x
Breaking News
More () »

Portland's Leading Local News: Weather, Traffic, Sports and more | Portland, Oregon | KGW.com

Clackamas County search and rescue changes raise many questions

A spokesperson for Portland Mountain Rescue said the group intends to "stand ready to do what we do, and that's rescues on Mt. Hood."

CLACKAMAS COUNTY, Ore. — The future of search and rescue calls in Clackamas County is changing. Clackamas County Sheriff Craig Roberts said he's going to create his own volunteer search and rescue team instead of continuing to work with the four volunteer organizations they use now.

There are a lot of questions about what that will look like, especially when it comes to mountain rescues, but Roberts was not available for an interview. In a memo, he said he made this decision because of a lawsuit and recommendations in a recent study.

That study, though, said it doubts the sheriff's office has the funding and equipment to pull off their own team without help.

When someone needs to be rescued on Mt. Hood, the Clackamas County Sheriff’s Office calls Portland Mountain Rescue.

"When there's a mission on Mt. Hood, right now we're the only unit that can respond," said Mark Morford, a rescuer with Portland Mountain Rescue.

RELATED: Search-and-rescue teams worry Clackamas Sheriff's plan puts them out of business

PMR is a volunteer organization made up of about 75 specially trained rescuers, plus support staff. It is recognized as one of the leading rescue units in the country.

PMR said it gets called out on about 20 missions a year. Half of those are for rescues on Mt. Hood. However, PMR’s relationship with CCSO is changing.

"The sheriff has said he's going to stop calling Portland Mountain Rescue," Morford said. "We're still talking to him about that. We intend to stand ready to do what we do and that's rescues on Mt. Hood."

In a statement, Roberts said, "The research says forming this team is the right move for Clackamas County residents. Local response times and communication will improve with a single, dedicated team. Search and rescue in Clackamas County involves much more than Mt. Hood — it's demanding and complex, across wilderness and urban environments. If a major disaster happens here, this will allow the quick deployment of SAR resources dedicated to Clackamas County."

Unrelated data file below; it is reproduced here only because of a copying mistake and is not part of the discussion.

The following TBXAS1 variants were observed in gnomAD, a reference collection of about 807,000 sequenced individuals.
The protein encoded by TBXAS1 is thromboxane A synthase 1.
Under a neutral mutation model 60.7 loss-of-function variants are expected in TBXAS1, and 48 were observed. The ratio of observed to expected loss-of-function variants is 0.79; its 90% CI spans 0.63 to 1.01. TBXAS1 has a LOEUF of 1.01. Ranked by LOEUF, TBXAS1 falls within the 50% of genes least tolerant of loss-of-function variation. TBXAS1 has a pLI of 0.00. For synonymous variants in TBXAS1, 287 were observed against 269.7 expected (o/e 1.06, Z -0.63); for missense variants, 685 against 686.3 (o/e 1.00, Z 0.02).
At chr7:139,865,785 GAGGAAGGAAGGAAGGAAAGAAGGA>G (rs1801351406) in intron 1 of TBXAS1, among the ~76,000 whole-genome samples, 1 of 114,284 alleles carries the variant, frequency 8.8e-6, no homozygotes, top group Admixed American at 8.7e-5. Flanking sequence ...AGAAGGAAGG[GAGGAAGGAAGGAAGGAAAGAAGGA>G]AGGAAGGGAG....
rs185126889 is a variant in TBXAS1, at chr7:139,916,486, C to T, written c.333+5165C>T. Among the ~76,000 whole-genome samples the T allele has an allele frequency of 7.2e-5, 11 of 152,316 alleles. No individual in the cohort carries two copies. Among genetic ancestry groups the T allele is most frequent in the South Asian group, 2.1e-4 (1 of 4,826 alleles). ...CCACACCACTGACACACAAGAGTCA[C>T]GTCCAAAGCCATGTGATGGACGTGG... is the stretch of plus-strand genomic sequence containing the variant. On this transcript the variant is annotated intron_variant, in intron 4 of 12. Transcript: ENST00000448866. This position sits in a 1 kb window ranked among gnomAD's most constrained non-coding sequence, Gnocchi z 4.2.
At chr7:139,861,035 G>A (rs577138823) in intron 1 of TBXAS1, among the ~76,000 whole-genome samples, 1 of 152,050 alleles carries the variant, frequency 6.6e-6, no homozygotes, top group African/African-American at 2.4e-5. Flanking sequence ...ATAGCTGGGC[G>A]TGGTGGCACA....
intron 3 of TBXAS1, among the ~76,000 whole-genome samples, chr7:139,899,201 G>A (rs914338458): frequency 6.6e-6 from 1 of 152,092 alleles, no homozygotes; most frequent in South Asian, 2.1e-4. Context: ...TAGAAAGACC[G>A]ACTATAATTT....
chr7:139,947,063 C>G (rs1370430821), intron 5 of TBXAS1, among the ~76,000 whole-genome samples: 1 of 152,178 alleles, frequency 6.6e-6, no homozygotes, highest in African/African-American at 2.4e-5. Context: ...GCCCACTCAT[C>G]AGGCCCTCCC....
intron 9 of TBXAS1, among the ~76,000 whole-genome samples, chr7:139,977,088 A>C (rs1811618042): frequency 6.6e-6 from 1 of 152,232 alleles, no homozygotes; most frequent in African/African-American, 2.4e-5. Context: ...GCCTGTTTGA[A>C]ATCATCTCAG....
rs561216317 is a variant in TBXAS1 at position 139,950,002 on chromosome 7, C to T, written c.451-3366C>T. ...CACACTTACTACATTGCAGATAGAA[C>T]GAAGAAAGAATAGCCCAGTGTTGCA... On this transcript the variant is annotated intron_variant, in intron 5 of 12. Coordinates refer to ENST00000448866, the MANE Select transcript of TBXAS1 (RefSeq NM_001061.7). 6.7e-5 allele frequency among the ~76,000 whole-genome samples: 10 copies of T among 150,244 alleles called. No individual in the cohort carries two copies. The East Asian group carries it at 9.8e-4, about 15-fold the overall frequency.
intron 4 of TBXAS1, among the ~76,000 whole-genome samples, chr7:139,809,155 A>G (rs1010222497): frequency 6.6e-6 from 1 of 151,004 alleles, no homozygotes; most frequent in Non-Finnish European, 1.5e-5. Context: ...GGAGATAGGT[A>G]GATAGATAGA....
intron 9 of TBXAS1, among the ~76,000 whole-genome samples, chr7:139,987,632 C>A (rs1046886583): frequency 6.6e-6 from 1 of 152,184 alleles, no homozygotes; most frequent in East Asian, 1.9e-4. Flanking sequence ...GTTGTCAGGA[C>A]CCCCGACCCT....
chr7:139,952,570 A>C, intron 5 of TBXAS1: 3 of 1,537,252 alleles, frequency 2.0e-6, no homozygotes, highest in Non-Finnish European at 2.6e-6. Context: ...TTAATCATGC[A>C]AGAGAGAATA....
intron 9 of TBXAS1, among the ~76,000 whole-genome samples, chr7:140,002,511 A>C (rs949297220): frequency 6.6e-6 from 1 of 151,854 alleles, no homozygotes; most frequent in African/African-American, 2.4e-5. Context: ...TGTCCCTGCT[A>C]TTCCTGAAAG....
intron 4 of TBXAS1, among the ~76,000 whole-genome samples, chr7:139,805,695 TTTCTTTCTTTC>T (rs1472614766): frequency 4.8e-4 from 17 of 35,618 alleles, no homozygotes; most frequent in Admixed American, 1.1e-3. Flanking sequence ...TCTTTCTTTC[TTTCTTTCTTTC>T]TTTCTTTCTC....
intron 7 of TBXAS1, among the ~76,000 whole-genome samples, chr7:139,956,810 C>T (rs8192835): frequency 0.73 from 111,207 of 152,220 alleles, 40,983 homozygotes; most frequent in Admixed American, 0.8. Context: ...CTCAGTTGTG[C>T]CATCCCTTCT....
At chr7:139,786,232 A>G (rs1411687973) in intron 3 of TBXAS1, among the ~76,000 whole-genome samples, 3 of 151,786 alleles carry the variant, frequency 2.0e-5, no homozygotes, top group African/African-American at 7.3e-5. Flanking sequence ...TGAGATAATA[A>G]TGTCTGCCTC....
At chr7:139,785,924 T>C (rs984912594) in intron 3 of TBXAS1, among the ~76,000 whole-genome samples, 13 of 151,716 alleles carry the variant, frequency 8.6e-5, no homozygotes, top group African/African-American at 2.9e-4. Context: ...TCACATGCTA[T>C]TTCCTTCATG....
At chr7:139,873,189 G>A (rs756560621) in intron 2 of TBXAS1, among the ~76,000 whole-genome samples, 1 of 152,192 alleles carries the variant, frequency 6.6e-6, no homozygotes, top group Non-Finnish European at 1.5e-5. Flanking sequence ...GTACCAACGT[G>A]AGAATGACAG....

The research study looked at current search and rescue models in Deschutes and Multnomah counties. Deschutes manages its own team and Multnomah County has a hybrid that includes a team of its own and a partnership with volunteer organizations. However, when you look at Clackamas County, one cannot help but think about mountain rescues.

"Mt. Hood is the second most climbed alpine mountain in the world and we believe it has more alpine rescues that anywhere else in the world," Morford said. "That requires a specialized unit, not a unit of general rescuers. Deschutes County does have some mountain rescuers, but they have fairly low demand for that service."

Rescues on Mt. Hood require specialized training and even the research study said it doubts the sheriff's department has enough funds to provide the equipment necessary to run a large volunteer program without any assistance from the volunteer groups it currently uses.

"We've estimated that it would cost about half a million dollars to equip and train a new unit and that's assuming it's all volunteers," Morford said. "We do that now at no cost to taxpayers."

PMR said it is still working with the sheriff's office and hopes to come to an agreement moving forward because at the end of the day, it is about keeping people safe.

"We just hope there's not an impact on public safety and that's why we intend to continue to be available and that's why we want to work with the sheriff's office to meet his objectives," Morford said.

The sheriff also said he made this decision in the wake of a recent lawsuit. The family of a climber who died on Mt. Hood in 2017 sued the sheriff’s office, saying they did not get to him fast enough after he fell. PMR said the lawsuit was not about their work but instead about how long it took the county to call them to respond.

RELATED: Key safety tips for climbing Mount Hood